The tenants - who, by the way, hated him - buried him in a vertical position all right - upside down.

Meaner spirits declared that he wanted to be buried standing up to keep what few coins he had left in his pocket!

Murphy's Bar, Galway
Richie tried to get a free drink in every bar named "Murphy's we passed by waving his California driver's license around and wheedling, "Sure and you don't have a beer for a thirsty cousin?"  We got laughed out of every bar named Murphy's all over Ireland.

Others have a system.  Four women and a man strolled into the Galway laugh fest, asked for a clean glass and they all put money in it.  They paid for beverages from the money glass.

Cistercian monks
Their first job of the day is to go out to the private cemetery and dig a shovelful of dirt from the grave marked for them.  This was done to remind them of their own mortality.  They then put the shovels back in the shed, went in for breakfast and started their day.

Choctaw Indians and Irishmen
During the Great Famine, the people of County Mayo were hit especially hard.  They died of hunger by the hundreds at the sides of the roads, trying to escape.

Somehow, the Choctaw Indians of Florida who had been moved from their own lands heard about the this Irish plight and collected $405 among themselves and sent it to Ireland.  This began a great friendship between the people of County Mayo and the Choctaw Indians who still trade visits to this day.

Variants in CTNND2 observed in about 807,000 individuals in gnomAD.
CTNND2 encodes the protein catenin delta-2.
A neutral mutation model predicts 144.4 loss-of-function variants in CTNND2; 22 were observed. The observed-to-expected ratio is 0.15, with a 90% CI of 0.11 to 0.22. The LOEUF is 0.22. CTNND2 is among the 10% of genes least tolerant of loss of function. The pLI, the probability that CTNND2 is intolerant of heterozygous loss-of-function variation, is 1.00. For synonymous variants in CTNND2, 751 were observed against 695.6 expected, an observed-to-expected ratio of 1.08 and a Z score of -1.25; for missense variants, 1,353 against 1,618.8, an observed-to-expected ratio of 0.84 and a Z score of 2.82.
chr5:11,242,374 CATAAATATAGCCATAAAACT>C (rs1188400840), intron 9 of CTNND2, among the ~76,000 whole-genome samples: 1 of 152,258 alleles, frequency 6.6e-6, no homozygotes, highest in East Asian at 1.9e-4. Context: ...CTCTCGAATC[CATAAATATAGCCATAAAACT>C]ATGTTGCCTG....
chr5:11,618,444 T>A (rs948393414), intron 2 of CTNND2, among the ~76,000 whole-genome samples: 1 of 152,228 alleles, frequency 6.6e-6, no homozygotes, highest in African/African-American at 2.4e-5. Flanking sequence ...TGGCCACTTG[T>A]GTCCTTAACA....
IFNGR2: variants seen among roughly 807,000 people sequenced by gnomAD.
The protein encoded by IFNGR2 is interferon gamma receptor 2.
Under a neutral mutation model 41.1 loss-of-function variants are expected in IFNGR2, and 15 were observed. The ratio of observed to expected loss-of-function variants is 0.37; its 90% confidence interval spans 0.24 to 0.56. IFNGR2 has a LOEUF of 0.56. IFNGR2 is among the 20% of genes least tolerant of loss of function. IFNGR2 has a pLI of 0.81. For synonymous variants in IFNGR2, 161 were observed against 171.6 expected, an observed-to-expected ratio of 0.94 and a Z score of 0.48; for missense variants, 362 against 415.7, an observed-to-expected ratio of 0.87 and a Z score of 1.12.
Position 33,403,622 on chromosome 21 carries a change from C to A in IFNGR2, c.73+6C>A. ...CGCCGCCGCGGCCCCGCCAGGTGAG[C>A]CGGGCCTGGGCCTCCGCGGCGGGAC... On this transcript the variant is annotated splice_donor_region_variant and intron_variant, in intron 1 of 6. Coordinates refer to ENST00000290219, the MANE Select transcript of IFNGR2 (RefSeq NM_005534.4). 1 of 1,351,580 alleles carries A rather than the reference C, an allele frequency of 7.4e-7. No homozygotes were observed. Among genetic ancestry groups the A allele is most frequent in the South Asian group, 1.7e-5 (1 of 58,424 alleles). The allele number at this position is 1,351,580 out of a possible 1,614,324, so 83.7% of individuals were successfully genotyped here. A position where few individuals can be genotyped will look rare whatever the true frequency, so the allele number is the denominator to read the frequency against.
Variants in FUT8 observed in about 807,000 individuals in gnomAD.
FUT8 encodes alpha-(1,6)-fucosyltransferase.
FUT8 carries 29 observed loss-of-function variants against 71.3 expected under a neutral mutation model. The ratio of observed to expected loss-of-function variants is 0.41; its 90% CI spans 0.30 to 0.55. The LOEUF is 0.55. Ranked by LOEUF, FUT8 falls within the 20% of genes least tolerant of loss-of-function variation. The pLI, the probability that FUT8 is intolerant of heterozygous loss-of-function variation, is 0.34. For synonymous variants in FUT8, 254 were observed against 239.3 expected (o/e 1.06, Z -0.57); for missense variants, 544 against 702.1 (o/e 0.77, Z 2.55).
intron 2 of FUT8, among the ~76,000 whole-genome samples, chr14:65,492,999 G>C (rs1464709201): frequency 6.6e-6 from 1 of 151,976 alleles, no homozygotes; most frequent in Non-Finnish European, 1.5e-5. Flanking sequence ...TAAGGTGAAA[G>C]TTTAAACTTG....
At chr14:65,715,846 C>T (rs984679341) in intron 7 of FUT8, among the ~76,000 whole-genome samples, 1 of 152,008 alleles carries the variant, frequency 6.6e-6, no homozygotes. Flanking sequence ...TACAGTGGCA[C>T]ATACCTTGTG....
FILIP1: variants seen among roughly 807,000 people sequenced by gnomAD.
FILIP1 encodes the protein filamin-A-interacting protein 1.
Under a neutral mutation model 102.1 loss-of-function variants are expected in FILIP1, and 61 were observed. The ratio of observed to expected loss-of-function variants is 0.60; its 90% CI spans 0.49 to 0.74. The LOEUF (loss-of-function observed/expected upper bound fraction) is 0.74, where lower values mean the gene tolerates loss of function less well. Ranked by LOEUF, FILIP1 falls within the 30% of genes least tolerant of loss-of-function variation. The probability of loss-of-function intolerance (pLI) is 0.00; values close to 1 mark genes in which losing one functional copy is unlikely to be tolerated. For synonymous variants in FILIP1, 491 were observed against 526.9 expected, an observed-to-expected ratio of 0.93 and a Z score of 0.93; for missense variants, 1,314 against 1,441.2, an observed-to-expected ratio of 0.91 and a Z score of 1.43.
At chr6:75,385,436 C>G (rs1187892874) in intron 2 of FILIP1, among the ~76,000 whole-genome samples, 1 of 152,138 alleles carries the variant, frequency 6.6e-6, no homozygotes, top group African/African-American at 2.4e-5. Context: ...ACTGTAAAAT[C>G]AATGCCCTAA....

Thursday, March 15, 2018

The Banshees Screams Mean You Are Doomed! But Maybe Not.

Tour guide Dominic said to us, "I don't think of myself as a nervous man, but I was terrified as a child by the Banshees.  They were old women who sat on the fence outside your house and screamed all the night long.  This meant that someone in that house was going to die!  Or, that someone far away had died!" and shuddered delicately.

He probably didn't know it as a child, but because his last name is Dixon, he is spared the Banshee's warning.  There are only five families in all of Ireland that need to fear them.  They are:   the O'Connors, the O'Gradys, the O'Neills, the O'Brians and the Kavanagh.  They are thought to be the first families in Ireland.

The Banshees are still feared today (by some) and the reason is that their legend has become increasingly evil.  In olden times, the Banshee's provided a service - a warning of death.  This devolved somehow into the Banshees want to kill you!  They are said to fly through the night looking to feed on sadness.  Their screams are believed to be so high-pitched that they can break glass and blow out every artery in your body so that you die, awash in your own free-flowing blood.
From a scholarly point of view, this blood bath (literally) conjures up visions that the traveling companions of the Banshees would be Vampires.  Pur them on the To Be Feared List, too.  And if visiting Ireland, stay in the town centers - not out in "the country" where they may still have Banshees.